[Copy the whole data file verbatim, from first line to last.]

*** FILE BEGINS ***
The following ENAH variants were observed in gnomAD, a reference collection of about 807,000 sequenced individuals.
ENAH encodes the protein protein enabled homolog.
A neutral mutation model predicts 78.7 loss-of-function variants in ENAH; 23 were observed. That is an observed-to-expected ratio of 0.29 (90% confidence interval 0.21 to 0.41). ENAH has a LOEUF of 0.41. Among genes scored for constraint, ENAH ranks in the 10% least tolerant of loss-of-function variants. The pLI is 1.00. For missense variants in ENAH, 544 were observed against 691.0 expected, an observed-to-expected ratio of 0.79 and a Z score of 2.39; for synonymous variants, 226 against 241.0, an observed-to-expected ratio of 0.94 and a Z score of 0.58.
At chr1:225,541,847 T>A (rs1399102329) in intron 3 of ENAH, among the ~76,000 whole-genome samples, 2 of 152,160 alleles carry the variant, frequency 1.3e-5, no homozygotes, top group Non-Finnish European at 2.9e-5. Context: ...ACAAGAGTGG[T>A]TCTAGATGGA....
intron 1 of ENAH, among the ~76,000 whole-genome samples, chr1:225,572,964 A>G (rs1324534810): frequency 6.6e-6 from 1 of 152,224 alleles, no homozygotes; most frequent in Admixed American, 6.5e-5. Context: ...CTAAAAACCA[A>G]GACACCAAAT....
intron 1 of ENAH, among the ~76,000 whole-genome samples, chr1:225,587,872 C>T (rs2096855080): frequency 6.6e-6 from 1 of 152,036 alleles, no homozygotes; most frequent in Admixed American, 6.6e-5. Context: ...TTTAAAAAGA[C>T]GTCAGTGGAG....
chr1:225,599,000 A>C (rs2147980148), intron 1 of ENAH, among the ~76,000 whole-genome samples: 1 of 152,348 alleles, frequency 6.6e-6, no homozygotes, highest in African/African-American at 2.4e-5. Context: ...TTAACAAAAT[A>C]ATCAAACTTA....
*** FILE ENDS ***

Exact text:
The following ENAH variants were observed in gnomAD, a reference collection of about 807,000 sequenced individuals.
ENAH encodes the protein protein enabled homolog.
A neutral mutation model predicts 78.7 loss-of-function variants in ENAH; 23 were observed. That is an observed-to-expected ratio of 0.29 (90% confidence interval 0.21 to 0.41). ENAH has a LOEUF of 0.41. Among genes scored for constraint, ENAH ranks in the 10% least tolerant of loss-of-function variants. The pLI is 1.00. For missense variants in ENAH, 544 were observed against 691.0 expected, an observed-to-expected ratio of 0.79 and a Z score of 2.39; for synonymous variants, 226 against 241.0, an observed-to-expected ratio of 0.94 and a Z score of 0.58.
At chr1:225,541,847 T>A (rs1399102329) in intron 3 of ENAH, among the ~76,000 whole-genome samples, 2 of 152,160 alleles carry the variant, frequency 1.3e-5, no homozygotes, top group Non-Finnish European at 2.9e-5. Context: ...ACAAGAGTGG[T>A]TCTAGATGGA....
intron 1 of ENAH, among the ~76,000 whole-genome samples, chr1:225,572,964 A>G (rs1324534810): frequency 6.6e-6 from 1 of 152,224 alleles, no homozygotes; most frequent in Admixed American, 6.5e-5. Context: ...CTAAAAACCA[A>G]GACACCAAAT....
intron 1 of ENAH, among the ~76,000 whole-genome samples, chr1:225,587,872 C>T (rs2096855080): frequency 6.6e-6 from 1 of 152,036 alleles, no homozygotes; most frequent in Admixed American, 6.6e-5. Context: ...TTTAAAAAGA[C>T]GTCAGTGGAG....
chr1:225,599,000 A>C (rs2147980148), intron 1 of ENAH, among the ~76,000 whole-genome samples: 1 of 152,348 alleles, frequency 6.6e-6, no homozygotes, highest in African/African-American at 2.4e-5. Context: ...TTAACAAAAT[A>C]ATCAAACTTA....